OCTOBER 8TH, 2017
The following are some interesting facts about ornamental grasses without plumes:
1) Pampas grass does not produce plumes.
It grows only one type of plant, which is called no plume or plain old pampas grass. The other types of plants grow from underground roots and have leaves like regular pampas grass.
2) There are many different kinds of pampas grasses.
Some are very small, others are quite large. Most of them do not produce any kind of plumes.
3) Pampas grass is native to South America and it was introduced into Texas.
It is a hardy perennial grass that thrives in hot climates such as those found in Texas. However, it does not tolerate extreme cold temperatures well and will die if left out too long.
So keep it away from frost-free areas where it might freeze solid!
4) Many people think that pampas grass produces plumes because they see them when they walk through the fields.
They don’t actually see anything special about these plumes; however, there are several reasons why they may look like plumes. These include:
a) The light reflection off the surface of the water droplets makes them appear as if they are made up of little feathers.
b) The wind blowing causes the droplets to sway back and forth, which makes them appear to have a feathery motion.
c) On very windy days, the water droplets can actually be blown off of the grass blades and the wind can pick up the little drops and blow them against your clothing or skin.
5) Many people like to collect the water from these plumes and use it to water their plants.
It makes the plants grow very fast and strong. Some people also like to drink this water or use it to cook with.
6) The soil that pampas grass grows in must be very loose to allow the water to flow through it.
The roots of pampas grass are shallow so that they can easily reach the water, which is why they do not like tight or heavy soil.
7) Most types of pampas grass do not produce any actual seeds.
Instead they reproduce by sending out underground runners called rhizomes. These are long, thin roots that look like little white hairs that grow just below the soil’s surface.
8) Pampas grass grows very fast and tall if it is left unchecked.
Once a piece of it has broken off and put down roots into the soil, it will begin to grow into a whole new plant. It can easily take over an area if it is not kept in check.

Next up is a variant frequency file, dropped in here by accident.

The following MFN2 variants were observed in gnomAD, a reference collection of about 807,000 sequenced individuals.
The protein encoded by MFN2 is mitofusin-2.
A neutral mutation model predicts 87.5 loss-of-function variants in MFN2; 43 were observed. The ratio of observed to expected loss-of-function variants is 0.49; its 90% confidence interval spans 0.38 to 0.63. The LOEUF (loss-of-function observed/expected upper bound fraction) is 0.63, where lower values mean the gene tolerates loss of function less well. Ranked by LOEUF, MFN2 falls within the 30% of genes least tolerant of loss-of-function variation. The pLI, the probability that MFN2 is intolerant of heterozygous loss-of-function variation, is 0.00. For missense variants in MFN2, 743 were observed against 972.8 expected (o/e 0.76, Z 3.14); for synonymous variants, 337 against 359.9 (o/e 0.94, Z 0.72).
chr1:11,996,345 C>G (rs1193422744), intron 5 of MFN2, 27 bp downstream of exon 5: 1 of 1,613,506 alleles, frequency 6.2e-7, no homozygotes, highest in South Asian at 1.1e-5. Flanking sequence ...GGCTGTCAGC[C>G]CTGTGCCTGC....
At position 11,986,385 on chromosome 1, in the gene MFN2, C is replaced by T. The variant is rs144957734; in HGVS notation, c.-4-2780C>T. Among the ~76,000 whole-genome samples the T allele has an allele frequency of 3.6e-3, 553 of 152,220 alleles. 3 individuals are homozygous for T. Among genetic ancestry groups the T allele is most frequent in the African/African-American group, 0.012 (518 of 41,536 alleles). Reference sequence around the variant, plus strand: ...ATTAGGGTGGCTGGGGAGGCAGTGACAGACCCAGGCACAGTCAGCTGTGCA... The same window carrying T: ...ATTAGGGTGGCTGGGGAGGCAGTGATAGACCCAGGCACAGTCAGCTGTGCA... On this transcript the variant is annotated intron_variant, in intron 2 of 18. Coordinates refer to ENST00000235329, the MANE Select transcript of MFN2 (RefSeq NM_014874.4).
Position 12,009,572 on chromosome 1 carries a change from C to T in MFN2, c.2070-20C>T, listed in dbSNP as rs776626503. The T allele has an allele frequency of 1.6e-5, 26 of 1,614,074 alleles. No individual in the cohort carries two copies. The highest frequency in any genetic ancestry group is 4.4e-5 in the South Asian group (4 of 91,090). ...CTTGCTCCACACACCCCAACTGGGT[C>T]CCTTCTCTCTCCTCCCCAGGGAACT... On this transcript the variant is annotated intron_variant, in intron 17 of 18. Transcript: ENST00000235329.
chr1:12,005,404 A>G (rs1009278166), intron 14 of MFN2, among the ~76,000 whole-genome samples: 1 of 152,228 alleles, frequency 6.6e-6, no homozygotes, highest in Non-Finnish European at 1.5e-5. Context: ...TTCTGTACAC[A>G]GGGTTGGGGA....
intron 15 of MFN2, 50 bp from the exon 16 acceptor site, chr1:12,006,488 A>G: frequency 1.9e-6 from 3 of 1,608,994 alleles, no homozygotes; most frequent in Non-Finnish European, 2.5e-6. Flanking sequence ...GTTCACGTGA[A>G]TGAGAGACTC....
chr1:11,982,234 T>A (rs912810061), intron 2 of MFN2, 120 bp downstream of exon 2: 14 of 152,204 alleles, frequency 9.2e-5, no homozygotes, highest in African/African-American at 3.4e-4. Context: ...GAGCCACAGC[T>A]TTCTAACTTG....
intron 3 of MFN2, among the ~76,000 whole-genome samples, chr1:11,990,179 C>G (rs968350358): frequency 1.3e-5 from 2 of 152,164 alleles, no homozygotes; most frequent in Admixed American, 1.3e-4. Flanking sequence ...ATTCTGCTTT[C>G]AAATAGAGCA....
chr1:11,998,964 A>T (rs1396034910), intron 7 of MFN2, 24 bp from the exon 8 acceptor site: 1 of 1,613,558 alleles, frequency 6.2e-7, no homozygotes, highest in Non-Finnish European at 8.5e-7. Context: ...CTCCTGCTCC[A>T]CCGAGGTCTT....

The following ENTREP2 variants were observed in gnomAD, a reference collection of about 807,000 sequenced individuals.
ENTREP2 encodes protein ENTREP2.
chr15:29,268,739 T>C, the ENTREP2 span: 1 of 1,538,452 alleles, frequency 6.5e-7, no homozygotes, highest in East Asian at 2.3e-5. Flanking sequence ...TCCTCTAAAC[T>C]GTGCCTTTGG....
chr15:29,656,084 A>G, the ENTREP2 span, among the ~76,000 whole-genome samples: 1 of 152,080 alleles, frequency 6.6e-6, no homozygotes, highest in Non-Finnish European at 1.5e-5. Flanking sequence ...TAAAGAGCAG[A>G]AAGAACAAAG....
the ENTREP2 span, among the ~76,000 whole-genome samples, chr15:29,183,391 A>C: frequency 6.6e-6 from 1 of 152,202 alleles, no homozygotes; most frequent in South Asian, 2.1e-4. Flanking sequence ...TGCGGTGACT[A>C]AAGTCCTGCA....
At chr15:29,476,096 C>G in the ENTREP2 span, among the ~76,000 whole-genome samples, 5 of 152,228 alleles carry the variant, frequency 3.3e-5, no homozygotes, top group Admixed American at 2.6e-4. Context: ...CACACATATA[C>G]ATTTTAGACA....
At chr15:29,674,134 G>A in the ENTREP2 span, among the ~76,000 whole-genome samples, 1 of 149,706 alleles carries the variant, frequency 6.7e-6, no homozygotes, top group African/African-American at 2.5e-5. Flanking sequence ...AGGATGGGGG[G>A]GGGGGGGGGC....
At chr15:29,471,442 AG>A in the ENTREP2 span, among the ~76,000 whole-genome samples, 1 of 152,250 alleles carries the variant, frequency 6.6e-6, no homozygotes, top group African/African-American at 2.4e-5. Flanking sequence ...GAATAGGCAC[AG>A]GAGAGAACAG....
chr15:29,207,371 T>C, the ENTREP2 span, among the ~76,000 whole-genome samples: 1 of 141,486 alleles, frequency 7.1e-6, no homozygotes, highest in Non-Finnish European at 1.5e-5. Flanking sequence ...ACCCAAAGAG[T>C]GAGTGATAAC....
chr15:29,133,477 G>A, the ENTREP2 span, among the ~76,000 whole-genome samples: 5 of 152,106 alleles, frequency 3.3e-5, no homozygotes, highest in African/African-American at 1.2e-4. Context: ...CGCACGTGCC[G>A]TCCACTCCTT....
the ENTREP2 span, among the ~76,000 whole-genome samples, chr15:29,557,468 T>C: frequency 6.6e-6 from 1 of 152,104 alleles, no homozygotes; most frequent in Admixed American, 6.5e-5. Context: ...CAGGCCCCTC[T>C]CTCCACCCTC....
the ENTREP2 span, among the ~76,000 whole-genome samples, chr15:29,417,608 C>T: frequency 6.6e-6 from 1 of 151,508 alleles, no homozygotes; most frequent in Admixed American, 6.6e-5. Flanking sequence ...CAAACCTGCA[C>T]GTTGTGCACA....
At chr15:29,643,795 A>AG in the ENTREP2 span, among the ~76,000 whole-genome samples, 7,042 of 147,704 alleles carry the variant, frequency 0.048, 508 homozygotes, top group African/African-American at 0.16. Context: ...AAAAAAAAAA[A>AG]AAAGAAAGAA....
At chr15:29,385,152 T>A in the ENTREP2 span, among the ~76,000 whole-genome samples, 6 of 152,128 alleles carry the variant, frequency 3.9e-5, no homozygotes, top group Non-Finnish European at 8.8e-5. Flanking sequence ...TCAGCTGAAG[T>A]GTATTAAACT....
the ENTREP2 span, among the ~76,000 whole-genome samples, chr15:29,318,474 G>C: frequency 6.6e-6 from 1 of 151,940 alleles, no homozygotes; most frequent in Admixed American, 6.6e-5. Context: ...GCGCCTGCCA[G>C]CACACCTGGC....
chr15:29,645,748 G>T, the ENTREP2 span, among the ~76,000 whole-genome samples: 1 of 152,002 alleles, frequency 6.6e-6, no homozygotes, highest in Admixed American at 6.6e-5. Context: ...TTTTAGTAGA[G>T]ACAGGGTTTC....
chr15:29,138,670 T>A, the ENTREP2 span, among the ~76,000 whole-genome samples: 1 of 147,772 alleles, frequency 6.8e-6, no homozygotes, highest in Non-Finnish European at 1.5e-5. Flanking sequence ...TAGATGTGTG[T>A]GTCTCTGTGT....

9) If you want to control the growth of your pampas grass, you can dig up the runners and transplant them into small clumps in other parts of your yard.
You can also cut off the tops when they are about knee high and either root them or just throw them away.
10) Pampas Grass is a good plant to have in backyards because it looks nice and the plumes blow around in the wind, which gives the yard a nice look. It also keeps down the growth of weeds, which is nice for people who don’t want to have to work too hard in their yards.
11) Most animals don’t eat pampas grass because of the bitter taste that it has. It also makes them feel kind of bloated and this will cause them to probably get sick if they eat a lot of it.
However, there are some animals that like to eat the seeds and if they do this, they will spread them around as they travel around.
12) Pampas grass is a very good type of grass for making different types of crafts with. It is also used to make mats and that kind of thing.
It doesn’t have much of a smell and it is very soft to touch.
13) The young stems and leaves of pampas grass can be eaten, but they should only be eaten in moderation. They should not be eaten by people who have a history of kidney problems or epilepsy.
14) There are some crafts that can be made with pampas grass. These include wreaths, flower arrangements, center pieces, book marks and other types of decorations.
15) One type of craft that pampas grass is commonly used for is weaving patterns into flat items like placemats or place cards. These woven patterns can either be left white, colored or painted to make them look especially nice.
16) Pampas grass is a very nice looking plant and most people like to have it in their yards. It is also very useful for crafts and can be made into things like placemats, bookmarks, decorations, etc.
Report Mistakes Here:
If you notice anything that is wrong with this page or if you just have something else to share please post it in the comments section below. Please only post things that are related to this page.
For general comments you can post them here.
Sources & references used in this article:
Ornamental grasses by CR Wilson – Gardening series. Yard; no. 7.232, 1999 – mountainscholar.org
Taylor’s Guide to Ornamental Grasses by J Greenlee – 1992 – Rodale Press
Ornamental grasses and grasslike plants by R Holmes – 1997 – books.google.com
Are ornamental grasses acceptable alternatives for low maintenance landscapes? by AJ Oakes – 2012 – books.google.com
Ornamental grasses for the home and garden by J Wolfe III, JM Zajicek – Journal of environmental …, 1998 – meridian.allenpress.com
Ornamental grasses for cold climates. Revised. 1998 by MH Meyer, RG Mower – 1997 – ecommons.cornell.edu
Ornamental grasses by R Grounds – 2004 – David & Charles
Postemergence applied herbicides for use on ornamental grasses by MH Meyer, DB White, H Pellett – 1998 – conservancy.umn.edu